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Bookshelf Idea
show user profile  jareu
Just something I thought would be cool to make in real life. Threw together a render to illustrate my Idea:

I have need for another shelf on my bookcase, which sits on my desk along side my workbench. Often I find I don't have enough light particularly on my workspace, where I do all my electronics.
I'd like to go a bit steampunk in my development of the furniture in my office/lab so I've decided to go out and buy some antique leather books, boring ones, soak just the pages in a water-PVA glue mixture, and then using a fine bladed hobby hacksaw cut the middle sections of the books out and fix them together.

this would create a realistic looking enclosure which can house a drawer like construction which will automatically slide out on command, and with two bright white lights underneath, help illuminate my workspace.

in short, it will look like old books when off, when on, they will slide out and light up my desk :)

Does anyone have any experience with staining wood? I want to buy some untreated Pine and stain it in a way that makes it look old, dirty and antique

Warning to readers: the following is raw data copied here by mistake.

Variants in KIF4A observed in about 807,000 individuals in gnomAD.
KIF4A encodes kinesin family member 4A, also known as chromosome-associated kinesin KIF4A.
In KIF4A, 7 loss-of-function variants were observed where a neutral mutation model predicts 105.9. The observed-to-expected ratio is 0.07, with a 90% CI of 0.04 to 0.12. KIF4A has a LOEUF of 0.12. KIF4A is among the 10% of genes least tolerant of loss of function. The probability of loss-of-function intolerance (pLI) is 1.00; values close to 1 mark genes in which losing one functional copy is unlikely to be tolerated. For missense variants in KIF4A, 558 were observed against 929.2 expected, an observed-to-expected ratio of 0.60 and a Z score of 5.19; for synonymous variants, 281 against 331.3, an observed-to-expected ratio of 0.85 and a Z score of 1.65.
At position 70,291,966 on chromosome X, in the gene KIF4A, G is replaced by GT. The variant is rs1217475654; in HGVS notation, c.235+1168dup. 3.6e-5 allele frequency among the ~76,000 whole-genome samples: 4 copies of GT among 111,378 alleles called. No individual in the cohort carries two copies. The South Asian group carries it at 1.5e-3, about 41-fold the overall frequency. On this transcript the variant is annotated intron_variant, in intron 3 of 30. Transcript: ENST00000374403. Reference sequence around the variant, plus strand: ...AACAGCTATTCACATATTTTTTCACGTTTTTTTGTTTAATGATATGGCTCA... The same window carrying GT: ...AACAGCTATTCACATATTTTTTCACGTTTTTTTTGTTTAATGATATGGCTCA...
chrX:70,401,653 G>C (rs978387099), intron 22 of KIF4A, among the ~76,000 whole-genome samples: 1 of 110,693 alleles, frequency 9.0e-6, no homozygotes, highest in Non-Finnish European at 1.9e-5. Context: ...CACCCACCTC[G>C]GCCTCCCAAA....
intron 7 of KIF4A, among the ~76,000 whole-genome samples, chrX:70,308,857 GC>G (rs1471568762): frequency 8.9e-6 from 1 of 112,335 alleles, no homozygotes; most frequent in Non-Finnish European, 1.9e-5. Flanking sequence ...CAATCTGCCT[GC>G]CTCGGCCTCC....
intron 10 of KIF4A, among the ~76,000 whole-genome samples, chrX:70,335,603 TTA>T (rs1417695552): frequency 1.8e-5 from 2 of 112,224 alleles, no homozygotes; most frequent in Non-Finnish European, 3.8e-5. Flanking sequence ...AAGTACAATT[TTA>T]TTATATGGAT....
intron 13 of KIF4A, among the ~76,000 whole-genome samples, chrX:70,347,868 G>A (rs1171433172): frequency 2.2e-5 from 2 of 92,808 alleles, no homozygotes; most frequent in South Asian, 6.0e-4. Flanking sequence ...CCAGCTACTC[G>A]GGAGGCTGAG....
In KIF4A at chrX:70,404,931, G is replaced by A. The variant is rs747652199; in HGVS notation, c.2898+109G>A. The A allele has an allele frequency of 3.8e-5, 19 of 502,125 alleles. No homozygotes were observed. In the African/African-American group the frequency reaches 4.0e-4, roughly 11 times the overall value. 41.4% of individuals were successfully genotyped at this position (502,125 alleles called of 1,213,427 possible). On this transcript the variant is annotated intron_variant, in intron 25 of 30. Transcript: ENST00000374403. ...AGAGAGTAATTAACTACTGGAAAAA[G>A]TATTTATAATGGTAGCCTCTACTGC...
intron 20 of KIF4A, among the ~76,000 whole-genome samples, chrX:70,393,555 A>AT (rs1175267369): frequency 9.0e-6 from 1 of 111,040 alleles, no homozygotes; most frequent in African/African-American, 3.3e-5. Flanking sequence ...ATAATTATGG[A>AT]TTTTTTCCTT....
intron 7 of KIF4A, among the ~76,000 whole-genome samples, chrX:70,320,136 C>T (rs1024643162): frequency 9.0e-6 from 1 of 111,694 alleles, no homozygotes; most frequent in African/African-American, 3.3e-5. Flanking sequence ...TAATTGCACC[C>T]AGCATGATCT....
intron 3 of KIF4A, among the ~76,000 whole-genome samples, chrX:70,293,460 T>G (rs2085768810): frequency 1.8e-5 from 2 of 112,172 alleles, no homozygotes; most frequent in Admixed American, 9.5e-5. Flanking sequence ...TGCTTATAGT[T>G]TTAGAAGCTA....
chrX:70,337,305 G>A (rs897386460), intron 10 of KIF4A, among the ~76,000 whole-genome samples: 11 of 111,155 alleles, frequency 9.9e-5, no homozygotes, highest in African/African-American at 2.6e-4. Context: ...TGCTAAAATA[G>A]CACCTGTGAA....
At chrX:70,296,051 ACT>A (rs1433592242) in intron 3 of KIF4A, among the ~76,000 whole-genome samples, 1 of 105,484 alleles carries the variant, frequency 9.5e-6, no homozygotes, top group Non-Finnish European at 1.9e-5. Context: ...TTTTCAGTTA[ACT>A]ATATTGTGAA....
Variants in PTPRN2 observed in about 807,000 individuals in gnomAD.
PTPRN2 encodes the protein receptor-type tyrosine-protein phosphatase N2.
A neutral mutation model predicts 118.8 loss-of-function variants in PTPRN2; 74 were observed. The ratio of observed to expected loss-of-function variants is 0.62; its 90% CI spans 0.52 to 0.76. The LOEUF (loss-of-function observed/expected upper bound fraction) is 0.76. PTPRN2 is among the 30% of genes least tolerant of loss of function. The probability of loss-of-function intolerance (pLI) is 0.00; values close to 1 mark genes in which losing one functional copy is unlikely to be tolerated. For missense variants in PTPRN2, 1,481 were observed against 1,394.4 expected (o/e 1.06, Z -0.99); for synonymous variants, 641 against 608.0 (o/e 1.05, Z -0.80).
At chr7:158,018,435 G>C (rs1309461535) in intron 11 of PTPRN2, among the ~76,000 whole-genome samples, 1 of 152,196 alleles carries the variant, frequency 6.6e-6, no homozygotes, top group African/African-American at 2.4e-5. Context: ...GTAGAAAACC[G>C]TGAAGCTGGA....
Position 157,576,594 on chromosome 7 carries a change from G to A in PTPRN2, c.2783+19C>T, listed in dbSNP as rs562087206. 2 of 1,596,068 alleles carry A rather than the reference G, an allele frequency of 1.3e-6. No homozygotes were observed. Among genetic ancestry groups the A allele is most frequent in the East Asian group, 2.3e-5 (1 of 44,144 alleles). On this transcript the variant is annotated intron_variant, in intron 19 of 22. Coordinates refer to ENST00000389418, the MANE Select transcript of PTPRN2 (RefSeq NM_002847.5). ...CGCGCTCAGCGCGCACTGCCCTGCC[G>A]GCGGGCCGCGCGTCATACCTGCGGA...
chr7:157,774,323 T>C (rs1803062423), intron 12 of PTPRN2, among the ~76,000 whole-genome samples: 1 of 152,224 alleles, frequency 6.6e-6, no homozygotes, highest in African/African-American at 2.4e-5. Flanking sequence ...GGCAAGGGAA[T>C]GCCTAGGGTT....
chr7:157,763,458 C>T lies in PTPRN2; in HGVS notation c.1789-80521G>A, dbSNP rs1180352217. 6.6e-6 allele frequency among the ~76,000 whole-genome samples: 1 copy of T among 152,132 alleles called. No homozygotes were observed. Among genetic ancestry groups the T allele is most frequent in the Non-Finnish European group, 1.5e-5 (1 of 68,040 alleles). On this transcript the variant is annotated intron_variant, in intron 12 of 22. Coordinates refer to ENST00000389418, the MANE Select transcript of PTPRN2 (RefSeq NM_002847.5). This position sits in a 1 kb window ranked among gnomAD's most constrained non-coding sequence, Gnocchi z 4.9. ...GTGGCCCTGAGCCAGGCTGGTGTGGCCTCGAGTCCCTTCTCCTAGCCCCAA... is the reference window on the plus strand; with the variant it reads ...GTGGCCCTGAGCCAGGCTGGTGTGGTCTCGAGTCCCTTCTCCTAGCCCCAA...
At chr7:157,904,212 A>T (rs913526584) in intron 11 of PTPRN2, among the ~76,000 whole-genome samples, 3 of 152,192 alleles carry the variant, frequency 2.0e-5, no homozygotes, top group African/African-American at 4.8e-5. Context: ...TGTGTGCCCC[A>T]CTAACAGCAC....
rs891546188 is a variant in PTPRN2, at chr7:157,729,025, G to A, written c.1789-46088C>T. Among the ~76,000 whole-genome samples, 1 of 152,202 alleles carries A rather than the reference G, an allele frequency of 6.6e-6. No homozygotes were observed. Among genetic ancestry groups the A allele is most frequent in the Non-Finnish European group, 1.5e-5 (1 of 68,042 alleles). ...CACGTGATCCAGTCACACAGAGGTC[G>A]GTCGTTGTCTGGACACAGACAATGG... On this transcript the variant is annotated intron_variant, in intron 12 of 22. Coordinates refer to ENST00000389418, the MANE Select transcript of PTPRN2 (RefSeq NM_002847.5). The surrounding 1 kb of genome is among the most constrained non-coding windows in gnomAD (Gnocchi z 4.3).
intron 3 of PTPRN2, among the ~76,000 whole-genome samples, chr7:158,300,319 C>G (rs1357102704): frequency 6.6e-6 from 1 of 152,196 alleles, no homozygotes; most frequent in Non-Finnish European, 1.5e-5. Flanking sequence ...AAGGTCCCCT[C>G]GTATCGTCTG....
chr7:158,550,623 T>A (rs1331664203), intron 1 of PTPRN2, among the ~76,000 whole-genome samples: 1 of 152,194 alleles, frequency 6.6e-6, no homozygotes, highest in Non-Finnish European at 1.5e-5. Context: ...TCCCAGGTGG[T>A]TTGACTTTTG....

He who says it cannot be done is interrupting the man doing it.

read 1117 times
1/4/2012 2:05:18 PM (last edit: 1/4/2012 2:18:03 PM)
show user profile  Dr. Jim
Might suggest a harder wood than pine. Oak perhaps.
Prior to contrustion, after cutting boards.......draw over gravel, hit with chains,....imprint nails as well. All known 'distressing' techniques.

I might also suggest waxing instead of staining. wax, then with some sandpaper file some of the edges a bit,....then wax again.

Do some googling. Going for the 'look' you are after, there are alot of techniques....and some very good ways to fuck it up and make it look l;ike shit too.

good luck,

(final note: for the love of god do not use any metal nails, screws or brackets in the build. ONLY joinery and glue......simple biscuits would work for this...or dowels...that would be good too.
read 1108 times
1/4/2012 2:11:04 PM (last edit: 1/4/2012 2:11:28 PM)
show user profile  LionDebt
Cool idea.

I don't like the way the books completely 'pull out' to give light. Maybe if they came out a bit and rotated upwards? I get the illusion of it being a normal bookcase when off, but when it is 'on' you want practicality more than anything right?

As for staining wood, not a clue. Teabags? :D
read 1108 times
1/4/2012 2:11:30 PM (last edit: 1/4/2012 2:11:30 PM)
show user profile  advance-software
that looks about a teak or walnut.

read 1099 times
1/4/2012 2:20:44 PM (last edit: 1/4/2012 2:23:47 PM)
show user profile  jareu
Yeah, I checked out the price of pine and went for it because it was cheap and easy to work with. I think I will look around at other woods thought as I'm always up for a challenge and don't mind spending a few extra bucks :)

Thanks for the weathering tips, I never though of that. I might even try baking in some dirt somehow, but I'll definitely Google some techniques.